Updated Monday, Feb. 19, 2018
Presidents Day -- OK, officially Washington's Birthday -- is a federal holiday. Many state employees and private sector workers across the country also get a day off on this third Monday of February.
You know what that means. Folks are hitting the stores looking for Presidents Day sales bargains.
I hope your shopping spree is successful.
And if you are a big shopper, be it special holiday sales ties to federal holidays or any day because "Bargains!", then remember to use the taxes on your purchases as a way to reduce your federal IRS bill.
Sales or income tax deduction choice: Itemizing tax expenses and claiming state and local sales taxes on Schedule A used to be a no-brainer for folks who live in one of the five states without a general sales tax -- Alaska, Delaware, Montana, New Hampshire and Oregon.
It also paid off for some folks who chose to deduct their sales taxes instead of state and local income tax because their state's income tax rate is low.
That's still a choice for filers next year on their 2018 returns. But the purchases you made this Presidents' Day or throughout the year might not be as worthwhile now thanks to the new tax laws that took effect on Jan. 1, 2018
The Tax Cuts and Jobs Act (TCJA) limits all the state and local taxes you pay — income or sales tax and real estate taxes on your home — to $10,000.
That means that some filers will find these itemized taxes of less value.
Also, many taxpayers this year will find it easier and a better choice to claim the TCJA's much larger standard deduction amounts.
And for your 2017 tax year return that's due by April 17, the old tax laws apply. There's no limit on state and local or property tax claims.
Regardless of the tax year and the laws in effect, your filing choices all come down to your individual tax situation.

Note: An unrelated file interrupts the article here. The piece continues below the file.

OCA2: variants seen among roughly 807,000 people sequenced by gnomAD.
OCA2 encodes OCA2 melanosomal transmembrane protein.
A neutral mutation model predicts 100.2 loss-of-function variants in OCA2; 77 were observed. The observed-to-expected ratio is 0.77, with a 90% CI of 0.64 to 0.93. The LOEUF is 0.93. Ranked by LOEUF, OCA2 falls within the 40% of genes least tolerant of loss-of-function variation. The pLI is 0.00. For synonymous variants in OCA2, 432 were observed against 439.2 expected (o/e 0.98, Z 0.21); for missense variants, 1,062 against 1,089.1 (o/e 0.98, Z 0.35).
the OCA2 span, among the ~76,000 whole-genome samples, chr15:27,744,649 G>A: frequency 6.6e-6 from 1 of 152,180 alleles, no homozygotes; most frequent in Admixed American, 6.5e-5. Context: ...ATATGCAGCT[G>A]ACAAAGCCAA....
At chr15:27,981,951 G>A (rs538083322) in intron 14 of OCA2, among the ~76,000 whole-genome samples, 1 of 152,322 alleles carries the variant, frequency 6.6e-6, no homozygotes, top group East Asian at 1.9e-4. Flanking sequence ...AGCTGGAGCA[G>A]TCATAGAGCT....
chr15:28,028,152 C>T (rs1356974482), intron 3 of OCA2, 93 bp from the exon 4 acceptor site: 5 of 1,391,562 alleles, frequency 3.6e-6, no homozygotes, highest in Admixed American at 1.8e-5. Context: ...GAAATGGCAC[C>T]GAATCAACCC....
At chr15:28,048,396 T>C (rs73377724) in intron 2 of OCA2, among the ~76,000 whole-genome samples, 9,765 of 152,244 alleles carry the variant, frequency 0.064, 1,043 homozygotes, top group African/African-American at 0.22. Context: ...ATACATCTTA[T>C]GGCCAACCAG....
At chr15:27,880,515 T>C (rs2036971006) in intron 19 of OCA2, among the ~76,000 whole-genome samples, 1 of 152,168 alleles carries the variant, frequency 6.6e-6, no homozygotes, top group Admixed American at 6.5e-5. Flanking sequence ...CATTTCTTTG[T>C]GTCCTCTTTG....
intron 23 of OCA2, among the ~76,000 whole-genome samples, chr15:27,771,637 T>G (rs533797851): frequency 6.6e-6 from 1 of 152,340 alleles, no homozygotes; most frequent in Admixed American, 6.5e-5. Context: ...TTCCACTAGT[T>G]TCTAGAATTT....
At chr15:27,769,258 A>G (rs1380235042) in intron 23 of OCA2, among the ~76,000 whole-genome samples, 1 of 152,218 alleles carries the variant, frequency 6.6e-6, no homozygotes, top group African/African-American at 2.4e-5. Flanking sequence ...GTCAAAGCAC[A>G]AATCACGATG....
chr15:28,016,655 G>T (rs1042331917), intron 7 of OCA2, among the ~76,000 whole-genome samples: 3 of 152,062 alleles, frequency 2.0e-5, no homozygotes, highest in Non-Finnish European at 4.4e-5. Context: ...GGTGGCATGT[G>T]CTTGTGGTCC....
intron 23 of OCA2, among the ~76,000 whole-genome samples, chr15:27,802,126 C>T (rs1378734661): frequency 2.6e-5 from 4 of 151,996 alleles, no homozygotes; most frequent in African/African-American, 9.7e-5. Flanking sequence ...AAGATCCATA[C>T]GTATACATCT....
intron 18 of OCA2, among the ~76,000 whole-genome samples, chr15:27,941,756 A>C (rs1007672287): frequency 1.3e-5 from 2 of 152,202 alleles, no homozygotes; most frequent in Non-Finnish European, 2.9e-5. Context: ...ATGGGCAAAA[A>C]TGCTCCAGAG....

If you plan to claim sales tax on either (or both) your 2017 or 2018 tax returns, here are some things to keep in mind.
Actual receipts or table amount: If you kept all of last year's sales receipts, you can total them for your basic deduction amount. I actually did this one year. Never again.
That year that I added up all my sales receipts, the amount that the IRS had figured was very close to my total. So I recommend going with the tax agency's numbers.
As the image of the Alabama sales tax deduction table at right (click for a larger view) shows, the amount you can deduct is based on your income.
The IRS' optional state sales tax tables are found on pages 14 through 17 of Form 1040 Schedule A instructions.
Check out page 18, too, if you live in Alaska, Arizona, Arkansas, Colorado, Georgia, Illinois, Louisiana, Mississippi, Missouri, New York, North Carolina, South Carolina, Tennessee, Utah or Virginia. The IRS has created additional sales tax tables for certain jurisdictions within these states' borders.
You also can complete the State and Local General Sales Tax Deduction Worksheet (page 5 in the Schedule A instructions or your tax software) or use the IRS' online Sales Tax Deduction Calculator.
Bigger deduction for major purchases: Also, don't forget that if you made a major purchase last year, you might be able to add that sales tax amount to your table amount or be sure to include in your total receipts sum.
This option is for what the IRS calls "specified items." These are:
- A motor vehicle, including a car, motorcycle, motor home, recreational vehicle, sport utility vehicle, truck, van and off-road vehicle;
- An aircraft or boat; and/or
- A home, including a mobile home or prefabricated residence, or a substantial addition to or major renovation of a home.
In all these specified item added sales tax situations, the tax levied must be the same as your state's general sales tax rate.
Yes, it's a bit more work, even if you use the optional sales tax tables and let your tax software or tax professional do all the work for you. But it could pay off in a lower tax bill.
You also might find these items of interest:
- Coloradans agree to a high tax to get high
- States still getting stiffed on sales taxes on Cyber Monday
- St. Louis Rams say they collected too much ticket sales tax